The Commission seeks comment on whether staggered filing deadlines would avoid network traffic jams and how to organize online files to facilitate uploading and review.
Currently, all stations are required to post a variety of materials to the public file on the same deadline. (See Local Public Files) Since adoption of a uniform ownership report filing deadline in 2009, all 17,648 broadcasting stations must file a new ownership report by October 1st every two years. To accommodate this change in 2009, the commission had to postpose the requirement several times. Four times a year, all stations must file their detailed issues and programs statements. This task is unique to every station, even those that are group-owned. The issues/ programs files can be voluminous and could result in last-minute filings by thousands of licensees seeking to access the system simultaneously to meet the deadline. Staggered filing dates might be needed, but that would also require changes in other rule sections.
Currently, there is no specified file structure for radio stations; only that the public file contains the required information. For television, the Commission created a structured folder and subfolder system to require uniform public file contents. That is liable to require significant work for many radio stations, accustomed to keeping their files in their own "esoteric" way. The FCC also created and "populated" specific political file folders for many (but not all) political races and then permitted stations to create additional subfolders and subcategories for specific candidates and also other organizing structures. This led to some serious issues for third-party hosting services trying to comply with the FCC's uploading system. Moreover, this uniform approach, when it works, makes it easier for the public and for time buyers to compare station rates.
The Commission flatly rejected many commenters' arguments that placing radio station's public files online would do nothing for the local community and benefit only non-local advocacy groups, especially straining small stations' limited resources. However, in an attempt to ease the transition, the Commission proposes to start only with larger-market commercial stations in with five or more full-time employees (similar to the EEO rule exemption) and postpone the requirement for very small radio stations. It also asks for comments on whether it should permanently exempt smaller market stations or stations with few employees.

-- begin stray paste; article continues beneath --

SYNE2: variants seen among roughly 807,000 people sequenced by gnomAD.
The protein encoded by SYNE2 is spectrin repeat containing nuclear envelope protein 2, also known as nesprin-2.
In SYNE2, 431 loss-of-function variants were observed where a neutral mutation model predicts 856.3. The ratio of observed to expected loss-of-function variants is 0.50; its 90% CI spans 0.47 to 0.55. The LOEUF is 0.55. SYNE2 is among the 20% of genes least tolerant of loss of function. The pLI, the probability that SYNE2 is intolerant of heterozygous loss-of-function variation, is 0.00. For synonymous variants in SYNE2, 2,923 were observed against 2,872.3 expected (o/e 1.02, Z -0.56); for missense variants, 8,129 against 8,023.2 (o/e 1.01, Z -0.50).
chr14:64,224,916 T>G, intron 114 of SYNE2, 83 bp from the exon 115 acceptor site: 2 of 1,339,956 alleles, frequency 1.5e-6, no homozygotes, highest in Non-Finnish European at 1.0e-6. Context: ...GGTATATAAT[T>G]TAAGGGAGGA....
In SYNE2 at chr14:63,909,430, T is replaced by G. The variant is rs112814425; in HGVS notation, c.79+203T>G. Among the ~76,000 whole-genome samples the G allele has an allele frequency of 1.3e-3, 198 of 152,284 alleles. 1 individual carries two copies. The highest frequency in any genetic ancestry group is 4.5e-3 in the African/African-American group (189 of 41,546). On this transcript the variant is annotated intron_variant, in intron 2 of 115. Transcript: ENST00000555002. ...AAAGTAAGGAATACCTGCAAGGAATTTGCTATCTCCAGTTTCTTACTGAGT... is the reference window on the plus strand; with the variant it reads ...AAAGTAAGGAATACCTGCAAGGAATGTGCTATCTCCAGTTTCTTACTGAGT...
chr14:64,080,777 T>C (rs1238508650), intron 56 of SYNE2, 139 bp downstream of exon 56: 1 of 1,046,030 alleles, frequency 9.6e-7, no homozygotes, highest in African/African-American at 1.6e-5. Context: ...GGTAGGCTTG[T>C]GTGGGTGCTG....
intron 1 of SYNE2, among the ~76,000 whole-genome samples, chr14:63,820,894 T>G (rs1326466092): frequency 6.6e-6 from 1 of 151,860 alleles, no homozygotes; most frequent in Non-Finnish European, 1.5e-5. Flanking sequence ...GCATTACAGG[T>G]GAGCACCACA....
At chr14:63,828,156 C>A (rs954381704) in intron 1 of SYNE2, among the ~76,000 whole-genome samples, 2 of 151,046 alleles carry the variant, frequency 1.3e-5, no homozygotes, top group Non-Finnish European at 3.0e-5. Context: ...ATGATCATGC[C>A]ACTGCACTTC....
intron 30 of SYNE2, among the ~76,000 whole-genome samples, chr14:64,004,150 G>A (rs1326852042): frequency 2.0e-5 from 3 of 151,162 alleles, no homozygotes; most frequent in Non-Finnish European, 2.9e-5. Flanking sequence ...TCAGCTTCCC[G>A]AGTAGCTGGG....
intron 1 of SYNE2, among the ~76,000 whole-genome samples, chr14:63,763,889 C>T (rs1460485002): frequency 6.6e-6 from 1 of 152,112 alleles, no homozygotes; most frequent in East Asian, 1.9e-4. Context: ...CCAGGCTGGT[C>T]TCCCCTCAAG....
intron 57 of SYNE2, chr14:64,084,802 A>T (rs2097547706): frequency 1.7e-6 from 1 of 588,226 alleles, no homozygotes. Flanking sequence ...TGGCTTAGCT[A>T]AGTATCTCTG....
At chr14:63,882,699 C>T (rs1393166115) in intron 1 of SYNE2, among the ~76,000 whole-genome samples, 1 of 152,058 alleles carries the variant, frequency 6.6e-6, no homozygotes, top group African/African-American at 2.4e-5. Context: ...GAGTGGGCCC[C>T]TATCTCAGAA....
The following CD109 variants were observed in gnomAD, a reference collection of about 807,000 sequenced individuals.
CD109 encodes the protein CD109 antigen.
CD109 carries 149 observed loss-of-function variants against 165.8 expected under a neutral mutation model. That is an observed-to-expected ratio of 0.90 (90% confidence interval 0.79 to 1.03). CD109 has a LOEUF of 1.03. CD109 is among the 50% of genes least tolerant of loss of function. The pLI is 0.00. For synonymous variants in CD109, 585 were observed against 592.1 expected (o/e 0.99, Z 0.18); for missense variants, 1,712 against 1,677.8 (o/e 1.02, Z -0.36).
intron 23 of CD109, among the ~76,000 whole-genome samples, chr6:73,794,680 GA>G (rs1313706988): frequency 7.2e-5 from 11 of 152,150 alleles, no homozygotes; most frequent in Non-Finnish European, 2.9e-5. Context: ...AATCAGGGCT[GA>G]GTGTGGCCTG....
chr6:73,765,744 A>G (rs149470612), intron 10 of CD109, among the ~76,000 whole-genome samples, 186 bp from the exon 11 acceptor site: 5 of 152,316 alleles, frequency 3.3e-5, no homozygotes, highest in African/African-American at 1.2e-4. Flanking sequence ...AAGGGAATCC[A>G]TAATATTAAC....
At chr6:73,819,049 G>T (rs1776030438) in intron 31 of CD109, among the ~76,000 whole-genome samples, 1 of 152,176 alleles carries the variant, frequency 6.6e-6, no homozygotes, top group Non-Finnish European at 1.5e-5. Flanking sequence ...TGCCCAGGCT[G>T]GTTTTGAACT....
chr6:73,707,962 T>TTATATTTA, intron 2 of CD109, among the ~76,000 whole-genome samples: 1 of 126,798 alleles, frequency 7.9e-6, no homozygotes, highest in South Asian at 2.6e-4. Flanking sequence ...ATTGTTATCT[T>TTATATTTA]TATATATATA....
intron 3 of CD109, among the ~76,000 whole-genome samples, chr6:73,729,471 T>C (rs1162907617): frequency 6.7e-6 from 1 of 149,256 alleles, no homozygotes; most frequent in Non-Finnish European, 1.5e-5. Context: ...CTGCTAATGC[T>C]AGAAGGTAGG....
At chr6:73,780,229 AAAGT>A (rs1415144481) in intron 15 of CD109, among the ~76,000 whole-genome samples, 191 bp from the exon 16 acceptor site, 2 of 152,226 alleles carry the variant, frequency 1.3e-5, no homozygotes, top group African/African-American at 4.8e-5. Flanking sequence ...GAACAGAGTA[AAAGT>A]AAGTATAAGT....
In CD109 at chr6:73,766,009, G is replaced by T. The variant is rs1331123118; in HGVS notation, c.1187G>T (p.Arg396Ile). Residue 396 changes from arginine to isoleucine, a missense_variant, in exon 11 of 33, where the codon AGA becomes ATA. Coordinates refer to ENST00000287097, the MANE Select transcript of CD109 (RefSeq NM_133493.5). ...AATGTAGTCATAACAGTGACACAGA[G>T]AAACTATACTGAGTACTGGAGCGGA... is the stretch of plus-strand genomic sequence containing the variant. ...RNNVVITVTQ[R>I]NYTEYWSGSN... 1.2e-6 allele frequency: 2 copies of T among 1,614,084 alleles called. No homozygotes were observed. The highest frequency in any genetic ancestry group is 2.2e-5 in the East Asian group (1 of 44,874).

So, there's a lot to think about in these times of change in radio broadcasting. It's important to share your views with the Commission on this important new topic. Let the Commission know how this new rule, if adopted, will affect your station. Here's how to file.
How to file
Go the FCC's online Electronic Comment Filing System: http://apps.fcc.gov/ecfs/upload/display
In the blank field "Proceeding No." fill in 14-127.
Instructions on How to Submit Your Comments
A complete copy of the Notice of Proposed Rulemaking in MB Docket No. 14-127 is available on the FCC's website at: DA-14-1149A1.pdf . The deadline for filing comments will be 30 days after publication in the Federal Register, which is expected very soon. You can file at any time up to that deadline.
This column is provided for general information purposes only and should not be relied upon as legal advice pertaining to any specific factual situation. Legal decisions should be made only after proper consultation with a legal professional of your choosing.